Around two years ago, I worked on a project on the future of play for a toy company (yes, this is my actual job). Leading into that project, I recall really pushing a hypothesis I had been playing with about the concept of “phygital.” At the time, I was reading a lot of Sterling (and his concept of Spimes), Stephenson (and the intertwined Metaverse), and having conversations with friend and fellow Manitoban, Karl Schroeder. Karl was light-years ahead of my thinking and no doubt playing in the shallow end for my benefit, but he did help me explore the edges of a concept that, at the time, felt near-alien, yet today seems almost inevitable. Hell, in the past two years, “phygital” has apparently already been co-opted into a bullshit business term; anything is possible.
Regardless of terminology used, the basic concept at hand is to create objects that have a continuous and fluid dual-existence between the physical and digital worlds. While some would argue that the IoT movement has already achieved this, I would laugh in their face and tell them to stop being so narrow-minded. IoT has been an interesting movement to watch so far, but is still a very discreet, patched-together network of physical objects that we haphazardly assign IP addresses to and hope for the best. It is the extremes of this movement where things start to get really interesting.
True phygital existence is what occurs when either the object itself has somehow achieved an intertwined dual-existence, or the underlying technology that holds both worlds together is so seamless and reliable that we can’t tell the difference. With one keystroke, the world around you should change and conversely, by modifying the physical world around you, there should be digital repercussions. Like parallel universes stacked atop each other, the true form of the phygital concept has the potential to create a beautiful and interconnected set of worlds where we can perfectly digitize and understand the state and history of everything and anything around us (or conversely, create and modify the physical manifestations of our digital dreams).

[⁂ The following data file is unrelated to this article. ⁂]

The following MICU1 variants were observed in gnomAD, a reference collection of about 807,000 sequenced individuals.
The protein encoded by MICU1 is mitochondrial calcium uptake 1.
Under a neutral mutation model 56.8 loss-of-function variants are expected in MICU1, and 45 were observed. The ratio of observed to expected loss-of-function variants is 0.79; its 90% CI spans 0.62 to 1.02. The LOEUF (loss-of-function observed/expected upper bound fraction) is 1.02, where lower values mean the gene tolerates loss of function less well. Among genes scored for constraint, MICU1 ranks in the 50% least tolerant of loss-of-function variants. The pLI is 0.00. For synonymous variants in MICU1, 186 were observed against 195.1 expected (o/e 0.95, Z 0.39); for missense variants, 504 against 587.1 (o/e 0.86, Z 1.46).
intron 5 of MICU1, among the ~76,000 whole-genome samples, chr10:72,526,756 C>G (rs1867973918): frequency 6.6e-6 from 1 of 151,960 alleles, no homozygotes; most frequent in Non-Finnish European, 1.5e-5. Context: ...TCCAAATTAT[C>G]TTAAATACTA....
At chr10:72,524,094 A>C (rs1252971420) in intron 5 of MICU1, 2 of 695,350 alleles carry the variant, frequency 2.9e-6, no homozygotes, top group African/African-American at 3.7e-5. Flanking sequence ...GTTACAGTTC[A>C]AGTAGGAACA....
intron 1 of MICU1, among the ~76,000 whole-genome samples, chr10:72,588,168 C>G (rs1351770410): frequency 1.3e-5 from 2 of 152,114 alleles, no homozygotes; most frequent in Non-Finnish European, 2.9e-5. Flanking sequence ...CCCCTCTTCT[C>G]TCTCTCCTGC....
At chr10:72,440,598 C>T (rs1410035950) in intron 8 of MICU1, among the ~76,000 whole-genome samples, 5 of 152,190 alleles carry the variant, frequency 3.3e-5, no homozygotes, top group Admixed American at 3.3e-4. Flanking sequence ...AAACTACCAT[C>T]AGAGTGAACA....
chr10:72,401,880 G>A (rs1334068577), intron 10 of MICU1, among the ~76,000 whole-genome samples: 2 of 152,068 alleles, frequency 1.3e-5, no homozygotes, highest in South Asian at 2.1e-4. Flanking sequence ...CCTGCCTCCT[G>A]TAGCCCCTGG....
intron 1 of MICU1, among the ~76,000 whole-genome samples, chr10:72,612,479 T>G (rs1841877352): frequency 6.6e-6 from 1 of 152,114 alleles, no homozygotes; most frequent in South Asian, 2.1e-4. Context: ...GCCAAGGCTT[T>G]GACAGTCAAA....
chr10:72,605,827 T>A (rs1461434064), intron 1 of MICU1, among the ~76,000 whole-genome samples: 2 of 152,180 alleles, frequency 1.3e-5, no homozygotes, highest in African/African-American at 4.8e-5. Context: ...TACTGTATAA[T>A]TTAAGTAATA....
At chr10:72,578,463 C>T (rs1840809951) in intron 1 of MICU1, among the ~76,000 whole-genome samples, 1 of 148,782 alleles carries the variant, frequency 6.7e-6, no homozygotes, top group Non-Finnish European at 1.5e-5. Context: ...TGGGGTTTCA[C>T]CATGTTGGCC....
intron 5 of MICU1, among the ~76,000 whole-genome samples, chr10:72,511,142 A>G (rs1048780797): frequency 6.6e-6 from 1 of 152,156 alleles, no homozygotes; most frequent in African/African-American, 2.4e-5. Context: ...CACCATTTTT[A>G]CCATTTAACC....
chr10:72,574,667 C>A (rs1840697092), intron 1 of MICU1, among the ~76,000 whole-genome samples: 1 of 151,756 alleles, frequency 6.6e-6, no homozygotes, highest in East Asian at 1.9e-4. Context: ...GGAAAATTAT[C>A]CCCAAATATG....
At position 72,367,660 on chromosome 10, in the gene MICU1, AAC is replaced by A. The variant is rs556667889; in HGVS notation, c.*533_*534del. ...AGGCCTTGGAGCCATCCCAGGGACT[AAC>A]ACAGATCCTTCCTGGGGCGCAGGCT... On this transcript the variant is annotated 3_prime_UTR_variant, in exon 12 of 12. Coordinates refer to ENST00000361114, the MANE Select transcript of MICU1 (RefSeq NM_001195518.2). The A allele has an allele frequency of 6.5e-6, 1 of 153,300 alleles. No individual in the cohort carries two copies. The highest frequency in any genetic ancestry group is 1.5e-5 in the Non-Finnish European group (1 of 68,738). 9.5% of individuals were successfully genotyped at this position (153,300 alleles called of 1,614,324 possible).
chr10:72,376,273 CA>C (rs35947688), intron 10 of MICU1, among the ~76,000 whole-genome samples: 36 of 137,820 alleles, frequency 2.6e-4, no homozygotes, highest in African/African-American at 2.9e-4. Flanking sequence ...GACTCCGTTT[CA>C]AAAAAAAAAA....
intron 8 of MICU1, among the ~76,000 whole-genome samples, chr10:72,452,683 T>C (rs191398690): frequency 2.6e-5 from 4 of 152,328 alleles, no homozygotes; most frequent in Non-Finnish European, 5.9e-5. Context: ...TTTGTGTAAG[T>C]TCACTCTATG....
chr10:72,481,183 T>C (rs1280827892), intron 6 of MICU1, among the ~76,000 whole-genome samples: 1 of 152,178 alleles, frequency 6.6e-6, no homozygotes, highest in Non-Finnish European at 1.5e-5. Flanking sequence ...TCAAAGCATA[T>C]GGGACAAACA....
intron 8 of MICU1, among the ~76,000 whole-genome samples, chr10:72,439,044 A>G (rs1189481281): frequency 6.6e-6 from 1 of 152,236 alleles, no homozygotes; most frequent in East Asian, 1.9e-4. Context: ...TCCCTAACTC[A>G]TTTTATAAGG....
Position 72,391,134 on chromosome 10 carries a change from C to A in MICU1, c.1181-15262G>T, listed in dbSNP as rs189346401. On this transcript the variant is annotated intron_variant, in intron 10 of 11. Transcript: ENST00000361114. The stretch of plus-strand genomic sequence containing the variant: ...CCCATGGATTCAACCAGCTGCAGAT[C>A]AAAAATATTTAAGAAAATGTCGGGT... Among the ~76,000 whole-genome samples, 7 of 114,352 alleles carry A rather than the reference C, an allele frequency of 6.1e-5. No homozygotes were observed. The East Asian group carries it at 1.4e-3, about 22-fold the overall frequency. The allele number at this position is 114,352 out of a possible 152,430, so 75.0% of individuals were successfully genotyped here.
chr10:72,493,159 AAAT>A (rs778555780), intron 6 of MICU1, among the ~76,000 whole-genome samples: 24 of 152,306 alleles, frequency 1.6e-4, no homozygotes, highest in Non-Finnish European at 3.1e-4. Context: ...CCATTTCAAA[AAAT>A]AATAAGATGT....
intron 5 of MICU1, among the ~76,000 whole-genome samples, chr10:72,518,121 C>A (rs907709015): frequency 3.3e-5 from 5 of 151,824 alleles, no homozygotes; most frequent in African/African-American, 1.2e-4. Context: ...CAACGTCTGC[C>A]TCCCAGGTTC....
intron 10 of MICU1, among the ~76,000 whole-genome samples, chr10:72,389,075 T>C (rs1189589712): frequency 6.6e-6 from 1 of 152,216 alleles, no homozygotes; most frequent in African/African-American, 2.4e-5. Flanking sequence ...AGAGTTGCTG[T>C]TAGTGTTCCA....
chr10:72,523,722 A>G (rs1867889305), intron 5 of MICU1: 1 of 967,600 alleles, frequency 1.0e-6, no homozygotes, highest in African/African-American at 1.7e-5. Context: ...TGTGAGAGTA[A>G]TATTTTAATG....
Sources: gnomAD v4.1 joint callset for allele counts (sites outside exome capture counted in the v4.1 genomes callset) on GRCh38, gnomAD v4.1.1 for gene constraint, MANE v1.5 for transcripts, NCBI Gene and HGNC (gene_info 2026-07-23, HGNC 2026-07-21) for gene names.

Though that may seem a bit heady, think through the implications on any one of a thousand scenarios. Imagine creating a human heart that not only tracks every beat perfectly, but can fix a clogged artery with a simple line of code. Picture yourself designing products through CAD that generate real-time physical manifestations which, when needing an update, simply get pushed a v2 patch that modifies the physical geometry of the product.
There are countless examples that show the edges of this movement (LittleBits, inFORM, Osmo, etc.) but none to date that have captured its true essence and value. However, even early days show why this movement is so important: it pulls our heads up out of our phones and screens and turns the entire world around us into an input device, facilitating HCI considerations on every object we create. The phygital world breaks us of our shackles of terrible UIs and unimaginative touchscreens to replace them with a world of unimaginable possibilities.
So… what will you imagine?
Shane Saunderson is the Co-Head of IC/Things.